Roland Emmerich collaborator Dean Devlin, who had garnered fame from writing Independence Day and the 1998 Godzilla film makes his own directorial debut with Geostorm. Although Devlin was responsible for writing some of the more tolerable entries in Roland Emmerich’s filmography there isn’t really so much being said there and without Emmerich, what exactly is to be expected with half the effort of what gave us Independence Day? Perhaps something more stupid, one that would at least feed off from whatever visuals it can throw at you as a means of hiding an incredibly corny human story – typical of modern disaster films. If San Andreas showed us that this formula wasn’t limited to Roland Emmerich, I can’t imagine thinking Dean Devlin would have done anything outside of such.
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In truth my hopes were never high for another live-action Death Note adaptation because I’ve never been a fan of neither the anime series or the original Japanese features. The fact Netflix was releasing a live-action film in English after how this year’s Ghost in the Shell had turned out to be sounded far less appealing to me given as Netflix’s original feature films have rarely ever been great ones at that, and I grew even more cautious upon the notion that Adam Wingard was set to direct after how bad his Blair Witch sequel had turned out to be. But I’m not against the idea of retelling another story into a different language for a different audience, so looking at Death Note on its own terms had only put a sliver of curiosity into my own mind and my worst fears have only been proven true. As an adaptation of the anime, it does its job horribly, and on its own terms it’s just painful to watch.
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Adapting Stephen King to film is a complicated case, knowing that Stanley Kubrick’s The Shining had taken liberties with its source material to the scorn of King himself. With that having been said, it still remains the best of the many adaptations that King’s work has spawned, but perhaps the case with “Stephen King done right” as proven by the Shining miniseries would only have proven itself disastrous, so fan reactions to The Dark Tower could set expectations in place for they didn’t get what they would have wanted as a means of introducing a story they love to newcomers. Coming in with a newcomer’s perspective for I’ve only read the first book in the series and wasn’t a fan, I already feel the anger that such an audience would have felt to see something they loved bastardized the way Nikolaj Arcel did so here.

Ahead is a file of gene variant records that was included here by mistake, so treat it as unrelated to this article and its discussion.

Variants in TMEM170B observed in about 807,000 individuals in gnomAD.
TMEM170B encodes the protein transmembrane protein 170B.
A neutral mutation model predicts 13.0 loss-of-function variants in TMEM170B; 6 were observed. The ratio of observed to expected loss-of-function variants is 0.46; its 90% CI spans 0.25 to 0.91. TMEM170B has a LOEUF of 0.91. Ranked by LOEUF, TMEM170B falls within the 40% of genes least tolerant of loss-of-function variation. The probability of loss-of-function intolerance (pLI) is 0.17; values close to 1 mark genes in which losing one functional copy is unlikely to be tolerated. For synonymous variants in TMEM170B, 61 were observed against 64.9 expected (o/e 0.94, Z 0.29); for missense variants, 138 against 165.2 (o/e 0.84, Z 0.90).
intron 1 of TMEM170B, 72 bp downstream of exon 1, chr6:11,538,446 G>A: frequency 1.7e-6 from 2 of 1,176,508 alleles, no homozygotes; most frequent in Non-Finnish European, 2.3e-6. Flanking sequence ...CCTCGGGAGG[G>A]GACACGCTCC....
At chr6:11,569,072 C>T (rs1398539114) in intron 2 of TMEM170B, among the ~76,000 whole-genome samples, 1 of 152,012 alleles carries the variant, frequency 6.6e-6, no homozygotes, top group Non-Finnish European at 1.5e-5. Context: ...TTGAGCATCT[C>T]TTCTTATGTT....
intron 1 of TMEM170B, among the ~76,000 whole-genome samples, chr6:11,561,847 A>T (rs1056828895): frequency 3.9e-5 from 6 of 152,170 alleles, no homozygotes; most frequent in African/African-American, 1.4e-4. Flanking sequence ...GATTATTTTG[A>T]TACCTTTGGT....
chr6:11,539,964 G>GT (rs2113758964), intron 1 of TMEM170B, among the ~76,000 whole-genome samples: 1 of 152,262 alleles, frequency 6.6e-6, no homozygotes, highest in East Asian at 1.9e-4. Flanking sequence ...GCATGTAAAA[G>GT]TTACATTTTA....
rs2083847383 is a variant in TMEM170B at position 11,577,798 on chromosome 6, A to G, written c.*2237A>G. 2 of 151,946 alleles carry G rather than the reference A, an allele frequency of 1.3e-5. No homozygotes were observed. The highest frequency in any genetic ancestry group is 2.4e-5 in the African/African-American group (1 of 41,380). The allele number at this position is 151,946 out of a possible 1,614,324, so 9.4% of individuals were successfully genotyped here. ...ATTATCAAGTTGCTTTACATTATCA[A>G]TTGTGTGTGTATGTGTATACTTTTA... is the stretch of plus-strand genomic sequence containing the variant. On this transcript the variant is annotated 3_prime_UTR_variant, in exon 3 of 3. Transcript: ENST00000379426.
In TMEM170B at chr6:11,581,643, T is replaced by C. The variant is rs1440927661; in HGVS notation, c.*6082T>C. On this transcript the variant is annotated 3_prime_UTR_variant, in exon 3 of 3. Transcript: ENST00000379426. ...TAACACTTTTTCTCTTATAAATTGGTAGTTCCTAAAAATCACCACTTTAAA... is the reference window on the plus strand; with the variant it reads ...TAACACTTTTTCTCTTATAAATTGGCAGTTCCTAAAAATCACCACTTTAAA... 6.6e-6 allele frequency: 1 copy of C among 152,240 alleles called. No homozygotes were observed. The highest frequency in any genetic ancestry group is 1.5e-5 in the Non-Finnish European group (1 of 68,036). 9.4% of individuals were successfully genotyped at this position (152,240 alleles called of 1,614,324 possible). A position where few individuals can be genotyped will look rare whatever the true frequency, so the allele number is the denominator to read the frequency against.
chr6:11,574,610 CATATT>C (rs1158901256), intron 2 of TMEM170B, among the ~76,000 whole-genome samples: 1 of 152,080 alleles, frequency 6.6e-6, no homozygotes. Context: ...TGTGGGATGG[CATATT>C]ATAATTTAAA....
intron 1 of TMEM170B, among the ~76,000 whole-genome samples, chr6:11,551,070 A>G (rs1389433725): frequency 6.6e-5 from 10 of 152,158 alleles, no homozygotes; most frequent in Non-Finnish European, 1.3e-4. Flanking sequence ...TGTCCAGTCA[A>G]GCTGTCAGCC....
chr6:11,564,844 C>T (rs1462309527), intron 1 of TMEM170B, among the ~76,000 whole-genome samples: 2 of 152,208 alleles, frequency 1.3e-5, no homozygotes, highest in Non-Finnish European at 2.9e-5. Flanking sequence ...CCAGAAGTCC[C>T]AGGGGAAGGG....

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There was a time I remember when Ridley Scott had managed to create one of the most unsettling and thus one of the greatest horror films ever made by playing upon the fear of the unknown with the original Alien film. I’m not even sure if his son, Luke Scott, had gotten a grasp on what it was that made Alien a genre defining work just as it did, because there’s a lot here that almost rings from the beats that made Alien as effective as it was; only numbed down as a result of its attempts to reach out at pseudo-philosophy almost as if it were aping on Alex Garland’s Ex Machina from a year prior. It’s almost like a diet mix of both Alien and Ex Machina in the very worst sense possible, because there’s no thrill to be found within the action they present nor is there anything insightful to come about: Morgan is just a film that lies dead in the water all around.
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If the title’s caption, “The Last Knight,” doesn’t keep to its promise by having Michael Bay direct another movie for this franchise, I’ll probably just give up on humanity altogether. I feel that I do need to clarify I actually don’t hate Michael Bay wholly, but even with that having been said I can’t find myself defending the sorts of films he makes when it’s evident I don’t enjoy the time I’m having when I watch them. With every new Transformers film he’s made, it only turns me away all the more from the sorts of films he continues making with the fact the first film was actually one of the first films in which I recall having slept in the theater. The most that I can say for Transformers: The Last Knight is that after egregious experiences with Revenge of the Fallen and Age of Extinction, this was a better film than the preceding three, but one must take a statement like such as they will.